Austria     Belgium     Brazil     Canada     Denmark     Finland     France     Germany     Hungary     Iceland     Ireland     Italy     Luxembourg     The Netherlands     Norway     Poland     Spain     Sweden     Switzerland     UK     USA     

Translated Psychology: Attitudes towards Sports Psychologists, Part 2

In the previous article, we discussed the experiences of Sports Psychology Consultants (SPCs) based on a comprehensive literature review from 2018 titled “Experience, Effectiveness, and Perceptions Toward Sport Psychology Consultants: A Critical Review of Peer-Reviewed Articles”. The review examines perceptions from three separate angles: the experience of the SPCs, how people feel about SPCs, and their overall effectiveness. Since we already covered the SPC experience, it is time to summarise the review’s conclusions about perceptions towards SPCs and their overall effectiveness.

Perceptions towards SPCs

There seemed to be differences between the sexes regarding what people expect from their work with an SPC. Based on an NCAA study, female athletes are more interested in the benefits related to communication (i.e., with their coaches or teammates) and to the management of negative emotions. In contrast, their male counterparts might be more interested in the benefits of reproducing what they achieve in training in competition.

As for overall perceptions towards SPCs, it seems that the peer-reviewed literature reflects a positive overall perception of SPCs by athletes, coaches, administrators, and sports physicians. Despite this positive report, it does seem to run inapposite to a previous conclusion of the review: that SPCs have trouble finding time to meet with coaches. If they really viewed them positively, would they not spend more time with them? The authors address the fallibility of this data: much of it comes from very small sample sizes, and perceptions were measured mostly by homemade questionnaires. Thus, there is questionable construct validity of the assessments used to measure perceptions, which calls the data into question.

Despite the positive attitudes towards SPCs, there are some common issues. For example, coaches often fear that SPCs will ruin the coach-athlete relationship. The review cites an example from Sweden, where coaches demonstrated a “fear of losing their athletes’ confidence because of the trust that the athletes would place in the SPCs and certainly did not want the SPC to interfere with their work”. Similarly, many coaches express frustration with SPCs because of their ethical obligations; they are often unable to share important information with head coaches, which means the SPC-coach relationship does not run as efficiently as it otherwise could. There are also some issues on the administrator front. Administrators often think that SPCs are doing part of the coach’s job. The review references how “college athletic directors did not consider the work of SPCs to be exclusive; they expected the coaches to be able to play a role similar to that of the SPC in meeting athletes’ needs”.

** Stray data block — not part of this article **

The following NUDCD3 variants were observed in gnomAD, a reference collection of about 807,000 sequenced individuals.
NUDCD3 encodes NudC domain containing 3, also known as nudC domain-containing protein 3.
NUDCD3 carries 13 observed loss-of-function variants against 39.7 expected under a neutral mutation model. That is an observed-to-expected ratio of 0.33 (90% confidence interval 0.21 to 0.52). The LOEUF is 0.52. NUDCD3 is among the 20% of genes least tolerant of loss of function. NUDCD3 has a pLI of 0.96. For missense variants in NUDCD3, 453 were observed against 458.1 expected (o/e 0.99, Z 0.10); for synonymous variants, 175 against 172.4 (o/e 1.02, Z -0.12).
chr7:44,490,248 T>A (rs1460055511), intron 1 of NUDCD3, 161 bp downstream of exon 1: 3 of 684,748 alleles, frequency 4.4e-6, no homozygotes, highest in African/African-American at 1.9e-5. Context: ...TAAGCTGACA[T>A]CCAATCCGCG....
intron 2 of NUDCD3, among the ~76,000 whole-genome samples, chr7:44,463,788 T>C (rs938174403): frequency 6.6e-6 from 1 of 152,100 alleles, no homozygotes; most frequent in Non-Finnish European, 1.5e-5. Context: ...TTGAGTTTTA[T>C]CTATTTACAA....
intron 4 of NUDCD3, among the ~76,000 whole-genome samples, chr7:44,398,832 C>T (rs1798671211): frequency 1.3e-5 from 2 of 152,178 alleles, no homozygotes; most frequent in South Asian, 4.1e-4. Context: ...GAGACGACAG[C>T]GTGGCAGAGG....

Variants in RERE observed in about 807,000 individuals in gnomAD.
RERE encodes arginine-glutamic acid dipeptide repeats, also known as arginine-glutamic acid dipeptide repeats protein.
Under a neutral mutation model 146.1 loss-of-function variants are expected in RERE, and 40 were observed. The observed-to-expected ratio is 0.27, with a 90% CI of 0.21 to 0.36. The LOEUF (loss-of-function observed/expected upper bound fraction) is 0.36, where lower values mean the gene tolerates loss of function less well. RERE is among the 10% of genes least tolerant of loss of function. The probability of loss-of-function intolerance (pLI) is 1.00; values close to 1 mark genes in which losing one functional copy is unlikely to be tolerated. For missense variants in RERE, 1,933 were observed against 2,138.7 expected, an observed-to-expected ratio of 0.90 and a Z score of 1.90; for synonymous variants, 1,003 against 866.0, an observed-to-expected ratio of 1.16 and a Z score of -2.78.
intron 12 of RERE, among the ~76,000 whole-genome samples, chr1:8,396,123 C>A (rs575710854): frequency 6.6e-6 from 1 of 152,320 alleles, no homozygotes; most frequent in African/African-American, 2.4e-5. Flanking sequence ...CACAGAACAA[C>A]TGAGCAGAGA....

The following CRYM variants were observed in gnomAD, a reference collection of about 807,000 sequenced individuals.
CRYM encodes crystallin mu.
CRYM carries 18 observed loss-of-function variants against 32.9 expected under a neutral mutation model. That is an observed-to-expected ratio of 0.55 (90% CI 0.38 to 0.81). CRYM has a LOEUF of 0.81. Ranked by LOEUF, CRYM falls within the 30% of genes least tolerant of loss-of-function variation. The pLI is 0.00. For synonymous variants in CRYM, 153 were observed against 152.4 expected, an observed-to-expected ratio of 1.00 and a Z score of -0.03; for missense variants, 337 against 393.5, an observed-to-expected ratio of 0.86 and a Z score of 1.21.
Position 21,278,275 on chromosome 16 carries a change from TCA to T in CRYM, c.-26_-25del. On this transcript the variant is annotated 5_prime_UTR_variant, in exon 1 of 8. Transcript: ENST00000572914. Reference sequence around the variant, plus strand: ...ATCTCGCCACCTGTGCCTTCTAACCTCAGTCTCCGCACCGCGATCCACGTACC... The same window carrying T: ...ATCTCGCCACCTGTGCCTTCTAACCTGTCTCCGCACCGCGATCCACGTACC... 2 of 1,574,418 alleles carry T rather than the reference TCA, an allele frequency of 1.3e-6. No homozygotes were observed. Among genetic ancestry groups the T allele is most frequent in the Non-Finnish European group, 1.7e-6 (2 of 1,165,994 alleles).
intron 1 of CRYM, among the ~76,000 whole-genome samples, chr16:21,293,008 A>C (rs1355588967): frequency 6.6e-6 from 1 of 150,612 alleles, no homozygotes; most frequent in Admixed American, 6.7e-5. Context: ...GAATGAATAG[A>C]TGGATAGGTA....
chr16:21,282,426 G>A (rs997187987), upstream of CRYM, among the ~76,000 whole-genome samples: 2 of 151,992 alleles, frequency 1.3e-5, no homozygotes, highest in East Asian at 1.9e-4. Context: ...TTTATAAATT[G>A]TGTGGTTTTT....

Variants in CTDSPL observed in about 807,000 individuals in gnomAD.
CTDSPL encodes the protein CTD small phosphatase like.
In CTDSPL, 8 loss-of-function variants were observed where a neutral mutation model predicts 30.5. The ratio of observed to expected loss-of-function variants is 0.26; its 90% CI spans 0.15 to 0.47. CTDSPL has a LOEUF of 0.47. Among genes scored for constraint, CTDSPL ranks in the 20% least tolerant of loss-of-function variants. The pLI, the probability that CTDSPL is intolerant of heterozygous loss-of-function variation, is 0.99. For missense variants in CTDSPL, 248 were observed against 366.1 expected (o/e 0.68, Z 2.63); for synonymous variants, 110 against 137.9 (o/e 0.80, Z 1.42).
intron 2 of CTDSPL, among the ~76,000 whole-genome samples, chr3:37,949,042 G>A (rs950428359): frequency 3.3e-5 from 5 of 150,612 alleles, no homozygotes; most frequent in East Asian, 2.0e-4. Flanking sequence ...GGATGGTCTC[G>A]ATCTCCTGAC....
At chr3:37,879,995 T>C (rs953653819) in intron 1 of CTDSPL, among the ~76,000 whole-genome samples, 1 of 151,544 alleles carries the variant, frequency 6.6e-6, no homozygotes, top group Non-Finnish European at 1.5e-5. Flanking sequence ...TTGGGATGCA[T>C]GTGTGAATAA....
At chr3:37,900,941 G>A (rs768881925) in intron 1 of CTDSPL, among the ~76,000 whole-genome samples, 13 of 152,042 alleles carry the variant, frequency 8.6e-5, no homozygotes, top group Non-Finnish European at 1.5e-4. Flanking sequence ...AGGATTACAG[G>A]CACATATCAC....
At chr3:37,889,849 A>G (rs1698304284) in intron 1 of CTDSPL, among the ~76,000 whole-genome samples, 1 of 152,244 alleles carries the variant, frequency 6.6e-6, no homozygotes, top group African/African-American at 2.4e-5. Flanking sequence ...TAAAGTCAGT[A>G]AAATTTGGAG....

The Overall Effectiveness of SPCs

It seems that there are almost no peer-reviewed studies that address the results of SPCs. If there were, they would be in this section about the effectiveness of SPCs, but this section does not discuss results or outcomes at all, and instead focuses on the main features needed for an effective SPC. According to the review, effective SPCs need to possess the following features:

  1. First, SPCs should have a friendly and informal approach compared to a more formal and therapeutic approach found in clinical psychology or counselling contexts. According to these authors, this casualness will help build a relationship with the athlete.
  2. Second, SPCs should be good communicators. To do this, they should possess good listening skills, be open to the ideas of others, and be able to communicate their knowledge in an accessible language.
  3. Third, SPCs should try to adapt their services to each athlete, including being available if the athlete needs them and showing enthusiasm toward the work that has to be done.
  4. Fourth, SPCs should understand the reality that the athletes face and accomplish this by gaining knowledge of an athlete’s sport.
  5. Fifth, SPCs should be trustworthy. To do this, SPCs should encourage the athletes to feel completely safe to disclose their problems relating as much to their sport as to their personal lives.
  6. Finally, SPCs should be positive and demonstrate to the athletes their ability to use the same mental skills they teach.

Even if we do not ask SPCs for evidence of their exact results, we are still asking them to possess a wide variety of qualities and skills; it is not always easy for one person to have good communication skills, adaptability, a casual air about them, and the appearance of trustworthiness.

The most informative part of this review is just how superficial it ended up being. If you talk to an SPC, they will appear very methodical about data and will likely use the phrase “evidence-based practices” several times, but as this literature review shows, the field is still very young. There simply is not much peer-reviewed work about SPCs, and that work is extremely top-heavy. Moreover, none of it focuses on actual results, but mostly attitudes, so even if an approach is evidence-based, its efficacy may not be.

Prev episode

Translated Psychology: Attitudes towards Sports Psychologists, Part 1